10 Essential Lessons for Life: Love Is An Open Door (No Secrets)
Secrets, secrets are no fun. Secrets, secrets hurt someone! Most everyone has heard this at some point in their lives, and typically it’s about kids keeping secrets from each other. But wow, I have heard story after story of how secrets, lies and deception have just ripped families apart. Our lesson today is an important one, and one that can be a pretty touchy subject.
[su_box title=”Lessons In Parenting” style=”soft” box_color=”#1AC141″ title_color=”#7C16A1″]Once again, I give you a series of insights that will hopefully motivate and inspire you with your own family. These core lessons and values are the foundation of our family. We will continue to grow throughout our lifetime, and there is no way we can teach our children everything. Yet these lessons are the pinnacle of what we believe in. It’s not just us parents teaching our children, either.
The first five lessons are what we’ve imparted to our daughters. The last five are the valuable lessons they’ve taught us.
If you missed the first four lessons, here you go:
Lesson #5: Love Is An Open Door
We are up-front and honest with our children 100% of the time. This does NOT mean we tell them every detail of everything. This doesn’t mean they need to know every piece of news and heaviness in the world.
What this means is, if they ask, we tell them the truth at the level in which they can understand it. They know about the birds and the bees in a factual way. They even know we have sex every day. However, we put a few parameters around it. We are open about love in every way, but it’s not like we invite them to watch us. We do, however, believe strongly that having open conversations about topics like sex are critical to them having healthy relationships. Some aspects of our lives are private, though, and our children don’t know every single thing we talk about.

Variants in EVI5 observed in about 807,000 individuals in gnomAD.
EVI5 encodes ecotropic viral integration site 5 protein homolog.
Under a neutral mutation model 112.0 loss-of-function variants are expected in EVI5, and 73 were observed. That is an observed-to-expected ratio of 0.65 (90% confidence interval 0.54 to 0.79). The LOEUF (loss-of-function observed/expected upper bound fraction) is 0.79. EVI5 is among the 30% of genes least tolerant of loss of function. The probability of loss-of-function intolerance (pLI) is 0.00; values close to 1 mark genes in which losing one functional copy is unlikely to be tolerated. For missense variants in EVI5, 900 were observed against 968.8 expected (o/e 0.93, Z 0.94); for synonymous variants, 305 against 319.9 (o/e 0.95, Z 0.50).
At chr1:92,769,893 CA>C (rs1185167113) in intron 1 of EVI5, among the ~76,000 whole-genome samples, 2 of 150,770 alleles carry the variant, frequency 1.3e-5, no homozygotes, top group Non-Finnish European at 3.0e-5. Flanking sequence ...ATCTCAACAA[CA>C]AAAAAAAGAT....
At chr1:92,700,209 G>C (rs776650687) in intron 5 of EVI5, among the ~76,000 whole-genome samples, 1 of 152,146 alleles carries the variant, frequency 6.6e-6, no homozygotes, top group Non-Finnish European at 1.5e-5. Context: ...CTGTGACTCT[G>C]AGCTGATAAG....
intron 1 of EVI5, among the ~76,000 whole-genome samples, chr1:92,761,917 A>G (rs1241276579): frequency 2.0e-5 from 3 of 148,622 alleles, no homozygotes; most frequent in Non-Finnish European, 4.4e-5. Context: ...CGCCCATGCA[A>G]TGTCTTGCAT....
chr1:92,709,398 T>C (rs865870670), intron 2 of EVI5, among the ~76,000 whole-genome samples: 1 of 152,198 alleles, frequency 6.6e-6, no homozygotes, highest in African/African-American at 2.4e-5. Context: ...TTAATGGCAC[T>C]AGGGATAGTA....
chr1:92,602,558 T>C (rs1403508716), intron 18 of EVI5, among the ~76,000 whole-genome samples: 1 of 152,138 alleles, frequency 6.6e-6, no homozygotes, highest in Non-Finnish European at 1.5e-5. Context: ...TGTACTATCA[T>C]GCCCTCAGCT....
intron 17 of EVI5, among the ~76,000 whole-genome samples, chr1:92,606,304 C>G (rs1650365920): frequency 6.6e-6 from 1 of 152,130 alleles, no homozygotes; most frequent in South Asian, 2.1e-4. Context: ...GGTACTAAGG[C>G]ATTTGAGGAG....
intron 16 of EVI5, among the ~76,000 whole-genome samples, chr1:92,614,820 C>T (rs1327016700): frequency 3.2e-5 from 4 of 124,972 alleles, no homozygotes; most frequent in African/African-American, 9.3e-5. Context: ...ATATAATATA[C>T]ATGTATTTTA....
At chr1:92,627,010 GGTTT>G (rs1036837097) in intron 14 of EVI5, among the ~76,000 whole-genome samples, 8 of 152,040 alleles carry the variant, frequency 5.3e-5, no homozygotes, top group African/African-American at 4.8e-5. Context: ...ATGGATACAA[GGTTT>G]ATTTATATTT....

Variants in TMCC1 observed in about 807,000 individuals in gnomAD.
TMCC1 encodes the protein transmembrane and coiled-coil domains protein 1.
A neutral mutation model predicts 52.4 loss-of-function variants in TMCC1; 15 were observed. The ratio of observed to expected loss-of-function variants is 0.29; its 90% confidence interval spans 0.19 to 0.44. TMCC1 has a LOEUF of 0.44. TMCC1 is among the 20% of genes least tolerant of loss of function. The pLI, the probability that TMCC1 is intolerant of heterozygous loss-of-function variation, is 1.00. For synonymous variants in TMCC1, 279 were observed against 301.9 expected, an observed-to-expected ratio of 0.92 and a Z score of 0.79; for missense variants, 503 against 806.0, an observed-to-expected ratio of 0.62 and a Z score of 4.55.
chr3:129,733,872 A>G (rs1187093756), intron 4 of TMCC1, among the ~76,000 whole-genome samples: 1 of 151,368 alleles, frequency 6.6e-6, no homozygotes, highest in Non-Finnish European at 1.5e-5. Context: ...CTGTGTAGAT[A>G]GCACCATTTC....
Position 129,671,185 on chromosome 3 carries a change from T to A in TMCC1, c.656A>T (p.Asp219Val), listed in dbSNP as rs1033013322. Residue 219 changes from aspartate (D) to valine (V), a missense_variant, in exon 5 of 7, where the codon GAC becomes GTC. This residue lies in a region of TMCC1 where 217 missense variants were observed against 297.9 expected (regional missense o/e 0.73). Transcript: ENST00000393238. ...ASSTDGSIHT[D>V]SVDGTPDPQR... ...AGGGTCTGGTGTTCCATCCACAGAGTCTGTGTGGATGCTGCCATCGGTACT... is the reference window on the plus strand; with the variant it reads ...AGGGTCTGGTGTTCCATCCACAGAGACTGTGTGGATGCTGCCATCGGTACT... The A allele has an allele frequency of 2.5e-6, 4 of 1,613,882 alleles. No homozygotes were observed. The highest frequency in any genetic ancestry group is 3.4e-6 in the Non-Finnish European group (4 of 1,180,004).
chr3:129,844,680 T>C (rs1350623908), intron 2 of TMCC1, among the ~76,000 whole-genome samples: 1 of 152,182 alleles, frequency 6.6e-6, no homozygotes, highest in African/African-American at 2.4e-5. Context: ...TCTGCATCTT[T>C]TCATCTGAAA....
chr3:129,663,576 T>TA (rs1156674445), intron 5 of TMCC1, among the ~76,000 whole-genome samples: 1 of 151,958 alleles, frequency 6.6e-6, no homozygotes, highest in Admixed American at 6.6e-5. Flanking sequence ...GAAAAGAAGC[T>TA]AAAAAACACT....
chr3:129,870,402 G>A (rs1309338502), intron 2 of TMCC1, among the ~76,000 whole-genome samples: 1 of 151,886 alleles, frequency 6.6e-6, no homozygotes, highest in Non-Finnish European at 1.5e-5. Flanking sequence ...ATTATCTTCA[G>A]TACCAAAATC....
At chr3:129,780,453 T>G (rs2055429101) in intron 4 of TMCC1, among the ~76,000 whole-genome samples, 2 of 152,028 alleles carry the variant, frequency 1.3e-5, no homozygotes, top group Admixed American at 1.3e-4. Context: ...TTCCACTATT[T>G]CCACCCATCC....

There are boundaries
There are conversations we have with each other where children want to know all the details. I can respect their curiosity, give them a “cliffs notes” version of what we’re talking about, and explain to them that this is a conversation that doesn’t relate or apply to them. There are times where it’s simply not their business, or they are too young for the topic.
For example, they love the Les Miserables soundtrack. They know the gist of the story, but the issue of prostitution, especially when you add in the pain and poverty surrounding it in this play, is a deep and complex issue to explain to young children. So as Clara pried me for more answers, my honest explanation was simply this: “Hun, there will be a time when you’ll know all about this. But there are some topics that are heavy and sad and not something you need to know about right now. It’s always okay to ask questions. Just remember that you are only a child once, so enjoy this time and don’t get weighed down by what you cannot do anything about right now. We can bring this back up when you’re a bit older.”
I happen to have a lot of respect for Taylor Swift , and this sweet song is a reminder that we all grow up and cherishing the innocence of childhood is a beautiful thing. I look forward to every stage with my daughters, and I’m okay with them growing up. But I want to preserve their innocence in love as long as I can.
No Secrets Does Not Mean A News Brief
No subject is taboo in our home. Everything is open to discussion. But this does not mean I sit my children down and give them a news brief every morning.
Our children don’t need to know everything. They don’t need the weight of the darkness and sadness in the world on their shoulders. I want to protect them from the pain as much as I can, but sooner or later, our children are going to see pain and hurt and the darker side of the world. I want them to always know the door is open for us to talk with them about anything. No topic is off limits, and we want to remain a safe haven to learn and ask questions.
Why Is This So Important?
I asked my husband to weigh in with his thoughts on why we don’t keep secrets from our children. He brought up a great point. No secrets promotes teamwork. Kids can sniff out lies easier than we give them credit for. We have to keep in mind that it’s not just our words, but our energy and unspoken body language that our children see. The heavy stuff – our “skeletons in the closet,” can run deep.